abstract = "1. Motivation, specific objective: Lighting systems with LEDs that allows for control of illumination, in terms of the correlated colour temperature (CCT) and illuminance intensity, is currently being introduced widely in buildings resulting in decreased energy use for lighting systems. There is a great focus on reducing the overall energy use for buildings and the major energy-consuming factor in buildings is related to the regulation of thermal sensation. An earlier laboratory study with fewer biases showed that a shift in thermal sensation could occur when changing the lighting by altering the CCT. Using intelligent lighting control could therefore potentially benefit the overall energy use for buildings if being integrated in the thermal strategy. The overall objectives were to test if it is possible to detect an effect similar to the findings from the laboratory study on the thermal sensation when altering the CCT in real offices environments. The objective of this abstract is to discuss the experimental setup imposed in our field study where supplemental lighting is influenced by daylight and other strong biases. Differences that relate to biases should be estimated and accounted for, but the amount of controls are on the expenses of possible tests of the treatments in focus.2. Methods: In a real office setting, we test the influence of three different CCT´s of 2800, 3100 and 4000 K on the workers thermal sensation and preferences. Three similar hallways and adjacent single or double offices at the Danish Technical University, Denmark (55°41'38.5{"}N 12°6'5.7{"}E) were used. These sections were equipped with LED lighting with central control of CCT and light levels. During the field study the light was on at all times starting from 7 am and onwards unless the workers purposely turned off the light. The electric lighting system was adjusted to 650lx at table height in all CCT settings and it was not possible to regulate the light intensity. The offices had windows to the outside, facing East or West. The experiment was conducted primo January 2018 and lasted for seven weeks. The period was carefully selected leaving minimal influence of the daylight as a central bias and to strengthen the influence of the electric light treatment. The settings of CCT (treatments) was changed each Sunday in a rotation between the 3 sections having 1 week in between being used as an anchor with CCT of 3100 K in all sections. In this abstract we focus on the anchor weeks and the deviation that relates to the different sections and people answering our questionnaires. A total of 48 workers were encouraged to participate in the study. The thermal sensation and visual preference were assessed by an online questionnaire with ten (10) specific questions sent out once a week. The workers were asked to rate their individual sensation of the lighting and thermal comfort while situated in their office.Indoor climate measured as the temperature, RH and CO2 concentration in the offices during the experiment were logged every 5 minutes along with measurements of outdoor diffuse and direct radiation, temperature and humidity in order to exclude them as possible bias.3. Results and discussion: This field study differed from (most) laboratory studies in its duration and number of biases. In real office settings, we investigate longer term effects of differences in supplemental lighting CCT on the workers. The workers and sections differed in various ways. Thus, the anchor weeks with CCT of 3100 K in all sections was imposed, to estimate the differences between sections, biases of dealing with different groups of people (sections) along with the influences of continuous changes in the outdoor radiation. The questionnaire lead to a relatively consistent response rate – resulting in between 28-31 answers the first three weeks and between 20-24 answers the last four weeks (out of 48 requests). The response rate on our questionnaire was in average around 50{\%}, which partly reflect its’ length. A short questionnaire, opposed to a more extensive questionnaire, did not allow us to ask question, of e.g. work related distractions, tiredness, stress or sound levels, to further include and account for such biases in later findings, but we do not find that a lower response rate would have been advantageous. The differences being present between the sections were by anchor weeks measured once for each rotation and at the end. However, imposing the anchor weeks compromised the amount of answers in relations to the treatments of 2800 and 4000 K and extended the test period. Our weekly sent questionnaires (7 weeks) were answered by 19, 135 and 26 workers (180 in total), in relation to treatment settings of 2800, 3100 and 4000 K, respectively. If the study was conducted without the four anchor weeks the test period alone would have been 3 weeks. Execution within 3 weeks would have resulted in a higher response-rate and a more balanced number of answers in relation to the imposedtreatments. However, this would compromise the measure of differences that relates to biases influencing the treatment effects. The need of controls for biases will depend on the treatment strength.4. Conclusions: Field experiments are characterized by having many biases and often a weaker response rate on questionnaire surveys. Our online questionnaire of 10 questions sent out once per week in a field study resulted in an average response rate around 50{\%}. The response rate declined slightly after 3 weeks and varied between 42{\%} and 65{\%}. We are unsure of the need for imposed anchor weeks, since the need for controls of biases influencing the overall result will depend on the treatment strength and survey response rates. However, we stress that differences that relate to biases should be estimated and accounted for.",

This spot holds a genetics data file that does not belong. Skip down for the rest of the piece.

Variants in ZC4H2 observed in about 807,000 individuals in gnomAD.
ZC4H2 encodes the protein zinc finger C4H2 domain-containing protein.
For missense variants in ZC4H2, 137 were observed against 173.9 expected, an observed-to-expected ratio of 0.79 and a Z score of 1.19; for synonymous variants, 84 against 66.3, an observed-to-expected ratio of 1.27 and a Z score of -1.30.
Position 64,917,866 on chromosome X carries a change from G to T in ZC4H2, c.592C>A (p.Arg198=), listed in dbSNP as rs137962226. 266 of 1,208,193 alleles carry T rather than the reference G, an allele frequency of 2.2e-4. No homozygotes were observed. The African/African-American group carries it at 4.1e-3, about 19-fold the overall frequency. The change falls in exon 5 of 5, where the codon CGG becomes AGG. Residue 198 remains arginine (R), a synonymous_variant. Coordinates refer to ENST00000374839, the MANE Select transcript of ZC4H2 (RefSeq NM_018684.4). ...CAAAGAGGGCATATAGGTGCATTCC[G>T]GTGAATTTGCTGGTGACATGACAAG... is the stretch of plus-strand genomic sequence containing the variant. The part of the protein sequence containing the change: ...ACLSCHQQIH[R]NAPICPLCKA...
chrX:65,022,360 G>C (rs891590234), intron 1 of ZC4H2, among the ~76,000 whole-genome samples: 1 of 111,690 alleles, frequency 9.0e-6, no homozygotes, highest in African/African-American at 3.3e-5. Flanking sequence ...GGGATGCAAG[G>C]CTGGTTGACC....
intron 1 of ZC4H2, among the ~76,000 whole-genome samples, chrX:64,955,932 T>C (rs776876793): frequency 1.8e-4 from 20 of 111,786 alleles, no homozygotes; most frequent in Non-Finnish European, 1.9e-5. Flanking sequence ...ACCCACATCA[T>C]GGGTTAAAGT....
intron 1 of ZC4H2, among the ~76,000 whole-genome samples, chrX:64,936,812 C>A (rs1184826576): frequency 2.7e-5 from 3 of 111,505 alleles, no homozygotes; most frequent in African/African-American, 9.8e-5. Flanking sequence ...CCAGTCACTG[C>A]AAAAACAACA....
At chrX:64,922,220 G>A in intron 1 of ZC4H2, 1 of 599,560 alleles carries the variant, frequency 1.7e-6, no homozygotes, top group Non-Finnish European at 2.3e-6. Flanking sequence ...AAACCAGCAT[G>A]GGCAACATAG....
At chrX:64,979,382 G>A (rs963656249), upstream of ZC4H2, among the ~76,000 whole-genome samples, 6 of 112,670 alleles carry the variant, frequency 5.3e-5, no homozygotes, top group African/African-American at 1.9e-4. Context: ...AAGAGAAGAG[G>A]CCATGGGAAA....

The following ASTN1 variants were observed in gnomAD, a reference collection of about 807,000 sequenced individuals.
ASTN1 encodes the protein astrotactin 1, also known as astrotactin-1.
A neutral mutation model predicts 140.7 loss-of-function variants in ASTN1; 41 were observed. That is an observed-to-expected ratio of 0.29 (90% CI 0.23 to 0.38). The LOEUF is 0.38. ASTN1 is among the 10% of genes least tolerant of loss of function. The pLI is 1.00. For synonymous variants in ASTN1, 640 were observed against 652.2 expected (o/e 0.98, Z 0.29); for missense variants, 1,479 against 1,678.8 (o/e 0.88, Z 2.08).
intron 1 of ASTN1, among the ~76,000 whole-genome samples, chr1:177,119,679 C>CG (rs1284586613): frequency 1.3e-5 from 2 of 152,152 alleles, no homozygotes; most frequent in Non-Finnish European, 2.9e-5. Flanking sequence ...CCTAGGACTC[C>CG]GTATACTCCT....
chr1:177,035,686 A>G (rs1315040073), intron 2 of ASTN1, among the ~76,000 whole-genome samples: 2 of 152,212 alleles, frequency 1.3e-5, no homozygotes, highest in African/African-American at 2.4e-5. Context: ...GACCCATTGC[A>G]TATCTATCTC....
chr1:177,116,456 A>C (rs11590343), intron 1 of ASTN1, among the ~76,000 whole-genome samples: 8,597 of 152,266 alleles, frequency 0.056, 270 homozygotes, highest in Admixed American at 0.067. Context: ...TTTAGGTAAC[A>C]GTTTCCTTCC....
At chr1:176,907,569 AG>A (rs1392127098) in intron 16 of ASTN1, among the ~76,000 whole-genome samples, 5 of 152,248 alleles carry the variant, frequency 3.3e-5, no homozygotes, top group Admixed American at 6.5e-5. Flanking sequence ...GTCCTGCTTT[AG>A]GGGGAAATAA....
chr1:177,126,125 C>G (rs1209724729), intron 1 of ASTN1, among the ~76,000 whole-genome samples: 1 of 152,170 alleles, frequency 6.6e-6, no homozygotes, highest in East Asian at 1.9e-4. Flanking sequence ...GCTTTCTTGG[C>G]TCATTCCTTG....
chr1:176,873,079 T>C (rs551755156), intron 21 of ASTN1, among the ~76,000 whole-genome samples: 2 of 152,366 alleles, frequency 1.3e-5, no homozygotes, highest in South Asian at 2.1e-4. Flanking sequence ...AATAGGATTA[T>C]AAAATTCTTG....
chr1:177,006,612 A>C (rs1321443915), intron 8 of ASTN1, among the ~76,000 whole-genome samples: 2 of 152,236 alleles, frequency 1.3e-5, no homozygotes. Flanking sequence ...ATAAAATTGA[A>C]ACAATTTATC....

author = "Jakob Markvart and Sophie Stoffer and Anders Thorseth and J{\o}rn Toftum",